Luckily, there’s an entire market of anti-theft laptop bags out there. Some of their fancier features include combination locks, anti-snatch fabric, and hidden compartments.
Pros and Cons of Desktop PCs
And now, what are the pros and cons of buying a desktop over a laptop?
1. Higher Specs
We are doing some testing in house with a high-end $2,399 laptop vs a 1,600 Desktop.
So what our goal is to sale Laptops at the same price for performance ratio as a desktop and including of course the display and keyboard into that.
Laptop- 85.5FPS avg
Desktop- 97.0FPS avg pic.twitter.com/UfIqiYkiEk
— PowerGPU (@PowerGPUcom) June 6, 2019
Desktop machines are available at much higher specs than even the best laptop on the market. The greater availability of internal space, coupled with the potential for a higher power draw, means top-spec machines can run better components at a cooler temperature.
If you’re work or hobbies require you to have the best of the best, a desktop computer is the way to go.
2. Lack of Reviews
When you’re about to drop a serious amount of cash on a product, you probably want to do a couple of hours of research beforehand to make sure you’re getting exactly what you want.
Many desktop computers don’t have reviews. We’re not talking about all-in-one computers from Dell or HP—we mean a rig that your local PC hardware shop has put together and is selling in the local paper. The lack of insight can be off-putting to non-experts.
3. Harder to Buy
The lack of reviews for desktop rigs also means they can be harder to buy than a laptop.
For example, if you’re buying a custom rig from a local shop, you need to trust that store implicitly. Have they tested the machine in the way they claim? Do the internal components match what the store says? Are you getting value for money? The entire process is much more personal.
You can mitigate some of these issues by buying from a chain like Best Buy, but you will end up paying a significant big-box markup.
And that leads on to our next point: cost.
All else being equal, desktop computers are significantly cheaper than laptops. You will get a lot more bang for your buck. For a few hundred dollars, you can find a desktop computer that significantly eclipses what you’d be able to pick up for the same price in the laptop sector.
To prove our point, have at look at our picks for the best desktop computers for students, the best desktops for businesses, and the best Linux desktops and compare them to laptops and an equivalent price point.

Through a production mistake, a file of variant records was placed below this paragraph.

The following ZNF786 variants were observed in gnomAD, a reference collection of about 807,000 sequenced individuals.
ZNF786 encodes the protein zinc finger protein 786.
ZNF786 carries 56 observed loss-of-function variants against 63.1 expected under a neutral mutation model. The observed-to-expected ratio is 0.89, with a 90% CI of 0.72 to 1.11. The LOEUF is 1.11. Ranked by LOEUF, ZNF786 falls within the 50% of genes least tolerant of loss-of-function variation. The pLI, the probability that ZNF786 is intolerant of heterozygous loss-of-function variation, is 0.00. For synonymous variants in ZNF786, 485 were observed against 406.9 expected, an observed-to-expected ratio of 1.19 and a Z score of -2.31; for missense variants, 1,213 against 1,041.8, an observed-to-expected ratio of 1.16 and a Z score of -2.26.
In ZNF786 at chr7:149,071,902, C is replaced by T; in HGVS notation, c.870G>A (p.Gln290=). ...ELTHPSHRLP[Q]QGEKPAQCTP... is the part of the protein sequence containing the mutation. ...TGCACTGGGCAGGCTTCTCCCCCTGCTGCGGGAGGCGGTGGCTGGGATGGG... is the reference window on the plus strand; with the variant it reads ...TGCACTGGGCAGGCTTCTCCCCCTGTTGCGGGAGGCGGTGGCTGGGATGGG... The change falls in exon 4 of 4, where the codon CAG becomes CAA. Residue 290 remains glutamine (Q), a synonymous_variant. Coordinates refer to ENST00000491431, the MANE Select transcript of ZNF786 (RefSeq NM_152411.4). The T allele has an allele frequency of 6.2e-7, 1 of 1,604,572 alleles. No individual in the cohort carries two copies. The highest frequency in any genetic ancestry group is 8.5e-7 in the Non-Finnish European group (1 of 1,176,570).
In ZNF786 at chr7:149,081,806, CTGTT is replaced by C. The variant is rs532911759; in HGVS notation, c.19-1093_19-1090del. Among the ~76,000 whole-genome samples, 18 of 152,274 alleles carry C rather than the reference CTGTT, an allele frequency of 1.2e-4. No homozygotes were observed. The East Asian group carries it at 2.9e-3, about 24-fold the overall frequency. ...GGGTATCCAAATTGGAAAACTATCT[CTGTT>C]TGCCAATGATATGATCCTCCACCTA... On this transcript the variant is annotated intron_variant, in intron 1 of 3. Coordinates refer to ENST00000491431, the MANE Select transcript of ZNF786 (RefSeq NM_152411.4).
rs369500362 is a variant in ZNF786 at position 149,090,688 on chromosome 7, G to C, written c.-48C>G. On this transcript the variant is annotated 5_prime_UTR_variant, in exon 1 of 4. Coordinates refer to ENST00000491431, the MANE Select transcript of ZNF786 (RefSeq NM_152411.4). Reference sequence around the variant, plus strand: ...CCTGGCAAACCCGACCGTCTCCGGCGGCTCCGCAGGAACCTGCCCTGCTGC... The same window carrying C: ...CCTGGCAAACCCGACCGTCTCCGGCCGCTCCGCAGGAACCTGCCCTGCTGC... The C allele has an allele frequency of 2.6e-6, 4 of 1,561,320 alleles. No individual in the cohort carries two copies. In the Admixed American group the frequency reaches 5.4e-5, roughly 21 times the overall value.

When you picture a desktop, you probably think of ugly towers, giant monitors, and endless wires. It doesn’t have to be like that. If you want something that looks as good as it functions, the all-in-one machines from the leading manufacturers might be the way to go. They look like a slightly bulked out monitor. And with the exception of the power lead, there’s not a cable in sight. One of the best all-in-ones in 2020 is the HP Pavilion 24.
Once again, however, you’ll likely pay a premium for the benefits of an all-in-one. And remember, a lack of space means all-in-one PCs are not necessarily the right pick for anyone who might want to upgrade their machine’s internal components over the coming years.
6. You Can Build Your Own Desktop
If you want complete control over your computer’s components, you can build your own desktop computer.
Don’t be fooled by the word “build.” If you’re not confident, you don’t actually need to put everything together yourself. If you work with a local computer shop, you can do all the research and buying online, then pass it off to the store to do the actual construction.
There are some cons of building your own computer. It’s going to take hours and hours of research, costs can quickly spiral if you don’t keep an eye on how much you’re spending, and you ultimately shoulder the responsibility for its success or failure.
Laptop vs. Desktop: Which Is Better for You?
Hopefully, this article has provided you with some insight about which strategy is right for you. Just remember that there is no single correct answer; much depends on what’s important to you and how you plan to use your computer.
If you’d like to learn more, make sure you check out our article on laptop docking stations to turn your laptop into a desktop and our list of reasons why you might not need a desktop .